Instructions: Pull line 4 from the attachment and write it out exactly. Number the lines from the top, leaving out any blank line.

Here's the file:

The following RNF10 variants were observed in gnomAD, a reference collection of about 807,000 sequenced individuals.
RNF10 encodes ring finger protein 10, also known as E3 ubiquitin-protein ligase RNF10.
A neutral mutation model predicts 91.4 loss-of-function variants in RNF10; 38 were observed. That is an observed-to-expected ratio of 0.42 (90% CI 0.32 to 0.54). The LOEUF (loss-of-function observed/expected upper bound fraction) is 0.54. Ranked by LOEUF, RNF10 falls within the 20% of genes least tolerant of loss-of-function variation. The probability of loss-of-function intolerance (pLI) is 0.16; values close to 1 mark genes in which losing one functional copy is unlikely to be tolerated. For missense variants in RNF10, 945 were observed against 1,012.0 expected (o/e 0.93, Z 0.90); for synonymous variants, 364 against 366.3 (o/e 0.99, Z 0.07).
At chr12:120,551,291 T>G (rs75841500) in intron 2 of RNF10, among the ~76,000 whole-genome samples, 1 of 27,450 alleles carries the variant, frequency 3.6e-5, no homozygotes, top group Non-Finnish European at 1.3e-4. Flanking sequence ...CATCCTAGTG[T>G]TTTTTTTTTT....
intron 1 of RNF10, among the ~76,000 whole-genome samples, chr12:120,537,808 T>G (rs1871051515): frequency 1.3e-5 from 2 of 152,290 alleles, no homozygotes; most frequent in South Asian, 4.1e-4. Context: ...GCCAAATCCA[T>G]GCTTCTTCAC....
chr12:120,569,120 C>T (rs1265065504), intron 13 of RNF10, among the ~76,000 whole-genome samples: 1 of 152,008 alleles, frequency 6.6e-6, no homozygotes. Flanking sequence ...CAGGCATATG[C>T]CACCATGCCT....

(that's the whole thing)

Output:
At chr12:120,551,291 T>G (rs75841500) in intron 2 of RNF10, among the ~76,000 whole-genome samples, 1 of 27,450 alleles carries the variant, frequency 3.6e-5, no homozygotes, top group Non-Finnish European at 1.3e-4. Flanking sequence ...CATCCTAGTG[T>G]TTTTTTTTTT....